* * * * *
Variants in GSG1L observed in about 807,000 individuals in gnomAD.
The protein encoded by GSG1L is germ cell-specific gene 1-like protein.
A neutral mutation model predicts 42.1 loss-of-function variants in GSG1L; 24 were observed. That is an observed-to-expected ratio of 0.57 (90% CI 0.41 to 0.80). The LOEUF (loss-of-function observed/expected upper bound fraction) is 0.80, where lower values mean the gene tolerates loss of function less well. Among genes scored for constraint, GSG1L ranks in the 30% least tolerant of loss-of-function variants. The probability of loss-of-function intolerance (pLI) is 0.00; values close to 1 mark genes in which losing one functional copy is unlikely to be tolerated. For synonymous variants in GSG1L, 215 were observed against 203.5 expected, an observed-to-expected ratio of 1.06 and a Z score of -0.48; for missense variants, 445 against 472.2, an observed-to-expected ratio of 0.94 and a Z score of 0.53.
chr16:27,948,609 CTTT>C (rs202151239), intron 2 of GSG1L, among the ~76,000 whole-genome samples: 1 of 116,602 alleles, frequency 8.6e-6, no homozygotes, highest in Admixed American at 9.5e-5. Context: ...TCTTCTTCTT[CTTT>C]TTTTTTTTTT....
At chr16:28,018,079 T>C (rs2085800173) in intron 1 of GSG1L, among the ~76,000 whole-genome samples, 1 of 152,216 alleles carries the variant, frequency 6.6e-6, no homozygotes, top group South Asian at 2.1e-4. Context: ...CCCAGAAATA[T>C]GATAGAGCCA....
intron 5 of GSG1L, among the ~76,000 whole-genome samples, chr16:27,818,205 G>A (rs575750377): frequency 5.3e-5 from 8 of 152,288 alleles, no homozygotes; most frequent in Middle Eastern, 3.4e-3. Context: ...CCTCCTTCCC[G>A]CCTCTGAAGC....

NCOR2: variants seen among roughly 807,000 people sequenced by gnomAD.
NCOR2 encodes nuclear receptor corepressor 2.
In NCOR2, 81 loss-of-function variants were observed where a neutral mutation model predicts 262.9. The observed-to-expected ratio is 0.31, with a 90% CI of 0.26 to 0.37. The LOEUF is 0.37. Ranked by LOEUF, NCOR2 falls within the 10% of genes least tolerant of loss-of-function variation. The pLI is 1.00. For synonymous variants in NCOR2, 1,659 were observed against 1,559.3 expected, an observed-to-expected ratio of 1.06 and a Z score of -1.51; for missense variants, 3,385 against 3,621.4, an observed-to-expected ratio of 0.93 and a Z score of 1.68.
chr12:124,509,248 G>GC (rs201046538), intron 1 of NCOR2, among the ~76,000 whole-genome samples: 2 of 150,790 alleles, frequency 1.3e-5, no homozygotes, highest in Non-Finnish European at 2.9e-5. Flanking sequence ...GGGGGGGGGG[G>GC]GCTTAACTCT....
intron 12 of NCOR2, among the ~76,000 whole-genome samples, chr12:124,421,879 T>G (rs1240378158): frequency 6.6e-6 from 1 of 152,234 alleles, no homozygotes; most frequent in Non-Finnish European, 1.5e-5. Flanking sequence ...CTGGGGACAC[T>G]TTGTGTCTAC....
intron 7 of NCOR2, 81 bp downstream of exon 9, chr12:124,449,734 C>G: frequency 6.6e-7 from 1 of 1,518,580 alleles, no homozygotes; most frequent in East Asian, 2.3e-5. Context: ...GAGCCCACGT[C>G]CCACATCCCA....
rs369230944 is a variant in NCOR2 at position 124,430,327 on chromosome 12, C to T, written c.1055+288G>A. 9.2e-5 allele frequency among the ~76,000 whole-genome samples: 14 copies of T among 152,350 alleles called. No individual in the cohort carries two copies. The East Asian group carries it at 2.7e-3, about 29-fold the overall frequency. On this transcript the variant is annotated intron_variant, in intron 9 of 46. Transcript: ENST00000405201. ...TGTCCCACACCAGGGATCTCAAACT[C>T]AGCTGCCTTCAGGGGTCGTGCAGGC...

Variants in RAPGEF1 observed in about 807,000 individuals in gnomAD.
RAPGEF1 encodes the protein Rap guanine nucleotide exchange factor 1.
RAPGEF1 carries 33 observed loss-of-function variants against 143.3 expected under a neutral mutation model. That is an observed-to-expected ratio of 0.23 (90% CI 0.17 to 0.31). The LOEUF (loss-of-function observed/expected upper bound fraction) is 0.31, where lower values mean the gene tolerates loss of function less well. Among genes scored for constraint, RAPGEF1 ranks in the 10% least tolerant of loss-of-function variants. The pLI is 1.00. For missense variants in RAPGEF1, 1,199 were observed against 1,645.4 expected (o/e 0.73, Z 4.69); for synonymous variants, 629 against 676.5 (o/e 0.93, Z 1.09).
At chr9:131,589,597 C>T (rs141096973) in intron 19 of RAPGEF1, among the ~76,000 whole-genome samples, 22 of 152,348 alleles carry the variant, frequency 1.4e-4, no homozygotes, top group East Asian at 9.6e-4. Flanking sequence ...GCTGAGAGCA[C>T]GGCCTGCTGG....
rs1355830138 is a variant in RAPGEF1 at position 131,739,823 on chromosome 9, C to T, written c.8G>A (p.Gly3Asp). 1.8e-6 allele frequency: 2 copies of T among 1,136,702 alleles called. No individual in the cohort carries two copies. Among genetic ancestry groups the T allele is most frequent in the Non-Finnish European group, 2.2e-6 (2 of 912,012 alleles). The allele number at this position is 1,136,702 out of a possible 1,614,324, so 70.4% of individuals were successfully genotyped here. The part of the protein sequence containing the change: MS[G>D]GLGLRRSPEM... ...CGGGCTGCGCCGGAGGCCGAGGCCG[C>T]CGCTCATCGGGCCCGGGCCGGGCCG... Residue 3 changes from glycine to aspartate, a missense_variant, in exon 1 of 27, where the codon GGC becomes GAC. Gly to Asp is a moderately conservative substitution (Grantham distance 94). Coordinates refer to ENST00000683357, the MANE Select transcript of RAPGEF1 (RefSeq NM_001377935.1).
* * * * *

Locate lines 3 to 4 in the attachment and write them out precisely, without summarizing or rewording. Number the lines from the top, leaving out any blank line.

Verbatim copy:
A neutral mutation model predicts 42.1 loss-of-function variants in GSG1L; 24 were observed. That is an observed-to-expected ratio of 0.57 (90% CI 0.41 to 0.80). The LOEUF (loss-of-function observed/expected upper bound fraction) is 0.80, where lower values mean the gene tolerates loss of function less well. Among genes scored for constraint, GSG1L ranks in the 30% least tolerant of loss-of-function variants. The probability of loss-of-function intolerance (pLI) is 0.00; values close to 1 mark genes in which losing one functional copy is unlikely to be tolerated. For synonymous variants in GSG1L, 215 were observed against 203.5 expected, an observed-to-expected ratio of 1.06 and a Z score of -0.48; for missense variants, 445 against 472.2, an observed-to-expected ratio of 0.94 and a Z score of 0.53.
chr16:27,948,609 CTTT>C (rs202151239), intron 2 of GSG1L, among the ~76,000 whole-genome samples: 1 of 116,602 alleles, frequency 8.6e-6, no homozygotes, highest in Admixed American at 9.5e-5. Context: ...TCTTCTTCTT[CTTT>C]TTTTTTTTTT....